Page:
Gadolinium contrast agents

Last revised by Dr Daniel MacManus on 13 Aug 2021

Gadolinium-based contrast media (GBCM), gadolinium-based contrast agents (GBCAs), or simply gadolinium contrast agents are molecular complexes containing the rare earth metal gadolinium, chelated to a carrier ligand. They are a type of paramagnetic contrast agent, which are the primary class of MRI contrast media. The intravenous route of administration is the most common.

The gadolinium ion is useful as an MRI contrast agent because it has seven unpaired electrons, which is the greatest number of unpaired electron spins possible for an atom.

Gadolinium molecules shorten the spin-lattice relaxation time (T1) of voxels in which they are present. As a result, on T1-weighted images they have a brighter signal. This can have a number of uses:

Note

  1. IV contrast is not required for all MR angiography, MR venography and MR perfusion sequences
  2. some of the MRI contrast media employ other chemical elements than gadolinium, e.g. iron, manganese

GBCAs are categorized ionic or nonionic based on their net charge in solution and as linear or macrocyclic based on the molecular structure of the organic ligand.

Tissue that demonstrates enhancement following administration of gadolinium-containing IV contrast does so because of a combination of the following two mechanisms 3

  1. intravascular enhancement
  2. interstitial enhancement

Which one of these dominates depends on the characteristics of the tissue.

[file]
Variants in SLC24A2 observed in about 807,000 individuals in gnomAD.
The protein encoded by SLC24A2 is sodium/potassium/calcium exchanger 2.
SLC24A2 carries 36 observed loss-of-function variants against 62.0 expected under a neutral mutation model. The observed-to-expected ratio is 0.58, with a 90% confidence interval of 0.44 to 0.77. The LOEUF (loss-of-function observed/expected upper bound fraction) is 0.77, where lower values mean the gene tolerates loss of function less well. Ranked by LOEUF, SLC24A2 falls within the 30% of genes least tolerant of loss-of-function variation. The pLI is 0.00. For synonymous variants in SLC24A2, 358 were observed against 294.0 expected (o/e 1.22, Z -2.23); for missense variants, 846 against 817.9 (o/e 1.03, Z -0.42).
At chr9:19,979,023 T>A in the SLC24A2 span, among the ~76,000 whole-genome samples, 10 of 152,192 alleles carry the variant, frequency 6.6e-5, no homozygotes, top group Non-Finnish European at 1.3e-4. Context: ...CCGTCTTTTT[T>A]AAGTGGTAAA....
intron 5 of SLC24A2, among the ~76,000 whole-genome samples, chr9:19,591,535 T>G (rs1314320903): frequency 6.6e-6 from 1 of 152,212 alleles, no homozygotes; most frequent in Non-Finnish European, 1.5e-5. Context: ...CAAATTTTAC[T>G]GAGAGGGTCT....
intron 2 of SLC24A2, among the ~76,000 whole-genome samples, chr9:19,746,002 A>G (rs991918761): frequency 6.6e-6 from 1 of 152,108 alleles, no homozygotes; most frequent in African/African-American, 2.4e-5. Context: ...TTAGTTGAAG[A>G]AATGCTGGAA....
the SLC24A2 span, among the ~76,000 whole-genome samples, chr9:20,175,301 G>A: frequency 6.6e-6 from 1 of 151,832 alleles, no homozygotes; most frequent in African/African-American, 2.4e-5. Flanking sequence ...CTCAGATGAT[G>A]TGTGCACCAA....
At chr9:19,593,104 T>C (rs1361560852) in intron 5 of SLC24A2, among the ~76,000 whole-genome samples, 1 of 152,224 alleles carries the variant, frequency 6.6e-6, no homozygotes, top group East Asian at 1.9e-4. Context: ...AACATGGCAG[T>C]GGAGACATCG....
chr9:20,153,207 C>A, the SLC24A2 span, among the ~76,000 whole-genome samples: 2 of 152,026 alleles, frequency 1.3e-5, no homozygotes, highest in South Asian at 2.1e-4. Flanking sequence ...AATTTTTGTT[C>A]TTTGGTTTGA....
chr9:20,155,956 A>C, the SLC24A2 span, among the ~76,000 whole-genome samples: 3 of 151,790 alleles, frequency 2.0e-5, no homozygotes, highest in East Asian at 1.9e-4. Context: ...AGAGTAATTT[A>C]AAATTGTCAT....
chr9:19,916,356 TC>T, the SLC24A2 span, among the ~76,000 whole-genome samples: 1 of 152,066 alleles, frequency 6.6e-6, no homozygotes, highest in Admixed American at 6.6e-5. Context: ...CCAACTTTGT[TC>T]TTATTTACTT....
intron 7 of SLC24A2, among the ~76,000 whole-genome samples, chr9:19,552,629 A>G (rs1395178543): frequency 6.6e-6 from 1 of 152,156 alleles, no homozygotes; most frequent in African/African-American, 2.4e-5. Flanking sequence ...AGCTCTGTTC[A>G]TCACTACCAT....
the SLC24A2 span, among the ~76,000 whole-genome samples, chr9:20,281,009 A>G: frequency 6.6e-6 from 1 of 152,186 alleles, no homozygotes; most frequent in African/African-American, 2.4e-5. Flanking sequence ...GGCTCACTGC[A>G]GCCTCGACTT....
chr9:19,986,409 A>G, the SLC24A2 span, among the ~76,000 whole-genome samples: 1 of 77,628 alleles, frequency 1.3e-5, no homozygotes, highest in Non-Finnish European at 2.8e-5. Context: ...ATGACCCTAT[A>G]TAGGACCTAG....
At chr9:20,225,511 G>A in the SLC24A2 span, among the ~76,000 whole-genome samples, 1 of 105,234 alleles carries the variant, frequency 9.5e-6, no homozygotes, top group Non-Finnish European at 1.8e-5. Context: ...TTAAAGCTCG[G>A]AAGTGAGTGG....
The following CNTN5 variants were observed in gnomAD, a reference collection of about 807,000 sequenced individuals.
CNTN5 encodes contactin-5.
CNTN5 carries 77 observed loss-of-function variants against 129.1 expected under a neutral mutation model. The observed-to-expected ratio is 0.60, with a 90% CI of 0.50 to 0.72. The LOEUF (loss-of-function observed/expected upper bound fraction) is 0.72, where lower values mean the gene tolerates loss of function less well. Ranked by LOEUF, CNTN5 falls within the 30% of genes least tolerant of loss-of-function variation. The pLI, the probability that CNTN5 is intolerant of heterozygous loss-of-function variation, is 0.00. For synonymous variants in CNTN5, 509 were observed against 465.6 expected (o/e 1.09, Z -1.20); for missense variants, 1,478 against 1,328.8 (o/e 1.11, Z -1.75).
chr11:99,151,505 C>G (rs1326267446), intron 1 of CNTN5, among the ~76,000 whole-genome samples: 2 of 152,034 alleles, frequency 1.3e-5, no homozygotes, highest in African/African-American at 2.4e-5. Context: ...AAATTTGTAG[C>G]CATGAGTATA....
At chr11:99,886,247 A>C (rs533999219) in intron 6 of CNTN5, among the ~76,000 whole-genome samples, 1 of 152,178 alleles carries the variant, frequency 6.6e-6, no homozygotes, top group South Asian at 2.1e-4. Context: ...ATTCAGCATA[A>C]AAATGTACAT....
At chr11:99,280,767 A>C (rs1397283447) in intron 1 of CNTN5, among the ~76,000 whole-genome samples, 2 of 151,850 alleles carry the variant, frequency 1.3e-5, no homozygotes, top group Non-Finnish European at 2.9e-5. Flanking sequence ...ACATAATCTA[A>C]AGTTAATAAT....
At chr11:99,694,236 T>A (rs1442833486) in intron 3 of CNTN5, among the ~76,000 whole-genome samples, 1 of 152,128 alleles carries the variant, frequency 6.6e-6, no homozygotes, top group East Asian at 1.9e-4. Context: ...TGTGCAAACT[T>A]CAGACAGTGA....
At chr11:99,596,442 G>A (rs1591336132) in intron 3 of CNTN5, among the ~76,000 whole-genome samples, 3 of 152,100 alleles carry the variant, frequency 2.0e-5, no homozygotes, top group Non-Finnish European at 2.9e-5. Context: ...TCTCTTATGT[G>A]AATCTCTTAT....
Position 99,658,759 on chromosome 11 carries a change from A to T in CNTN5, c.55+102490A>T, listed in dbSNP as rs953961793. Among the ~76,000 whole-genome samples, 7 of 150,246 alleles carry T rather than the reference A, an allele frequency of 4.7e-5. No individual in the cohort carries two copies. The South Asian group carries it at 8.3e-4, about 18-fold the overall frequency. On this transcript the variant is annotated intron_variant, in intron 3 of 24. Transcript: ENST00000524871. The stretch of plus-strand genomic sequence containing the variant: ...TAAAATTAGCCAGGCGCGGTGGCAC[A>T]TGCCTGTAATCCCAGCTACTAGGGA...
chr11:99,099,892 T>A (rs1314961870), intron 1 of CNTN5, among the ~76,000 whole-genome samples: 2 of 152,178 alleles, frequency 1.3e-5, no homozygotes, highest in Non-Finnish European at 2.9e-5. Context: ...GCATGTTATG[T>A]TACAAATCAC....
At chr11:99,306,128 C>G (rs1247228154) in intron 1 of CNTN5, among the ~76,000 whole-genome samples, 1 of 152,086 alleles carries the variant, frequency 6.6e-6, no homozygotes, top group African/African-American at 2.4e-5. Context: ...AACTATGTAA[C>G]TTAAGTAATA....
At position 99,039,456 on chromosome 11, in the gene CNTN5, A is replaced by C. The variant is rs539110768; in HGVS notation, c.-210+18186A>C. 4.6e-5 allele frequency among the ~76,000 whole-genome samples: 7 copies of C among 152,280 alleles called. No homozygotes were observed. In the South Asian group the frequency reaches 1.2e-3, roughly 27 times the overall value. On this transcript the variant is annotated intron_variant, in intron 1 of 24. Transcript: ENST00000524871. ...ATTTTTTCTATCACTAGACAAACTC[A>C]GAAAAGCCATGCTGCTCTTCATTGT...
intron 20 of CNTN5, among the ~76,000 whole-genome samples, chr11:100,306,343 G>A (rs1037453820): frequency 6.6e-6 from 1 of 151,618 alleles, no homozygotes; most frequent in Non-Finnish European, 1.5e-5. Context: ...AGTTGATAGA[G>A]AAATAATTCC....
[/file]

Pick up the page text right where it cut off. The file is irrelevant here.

Gadolinium shortens T2 relaxation time and actually results in a hypointense signal, indeed at very high concentrations of gadolinium contrast media a signal void may appear to be present.

Most gadolinium contrast agents are excreted through the renal system and therefore have a prolonged half-life in renal failure.

Allergic reactions to gadolinium-based contrast agents are relatively rare, occurring in 0.04-0.3% of administrations, of which 0.4-9% are severe 1-6. These adverse reactions can be acute or chronic.

There is 30% possibility in recurrence of hypersensitivity in patients those who known to have a previous hypersensitivity episode to gadolinium based contrast media 9. The risk if adverse reactions are higher in patients with bronchial asthma, known allergy to iodine based contrast media or others.  

Gadolinium deposits in trace amounts in various organs, especially the brain (e.g. dentate nucleus of the cerebellum, globus pallidus) following administration of gadolinium-based contrast agents. The clinical significance of gadolinium deposition is heretofore unknown 4.

See full article here: nephrogenic systemic fibrosis (NSF)

There is an association between the use of gadolinium-based contrast agents in patients with renal failure and nephrogenic systemic fibrosis (NSF). However, nearly all unconfounded cases of NSF have been linked to one of the three linear Group I GBCAs. Recent consensus states that the risk of NSF or nephrotoxicity following administration of a Group II GBCAs is extremely low and that the potential harm of delayed diagnosis or misdiagnosis from delaying or withholding Group II GBCAs for a clinically indicated MRI in a patient with acute kidney injury or estimated glomerular filtration rate less than 30 mL/min per 1.73 m2 may outweigh the risk of NSF, regardless of dialysis status 11

The ACR has divided gadolinium-based contrast agents (GBCAs) into three groups depending on the risk of NSF 10,11,12

Macrocyclic agents have less chemical instability than linear agents, resulting in a lower risk of nephrogenic systemic fibrosis and lower gadolinium deposition. On the other hand, cyclic agents have been associated with a higher risk of allergic reactions.

The gadolinium contrast agents can be divided according to whether A) the carrier ligand is linear or macrocyclic and B) whether they are ionic or non-ionic, leading to four groupings. 

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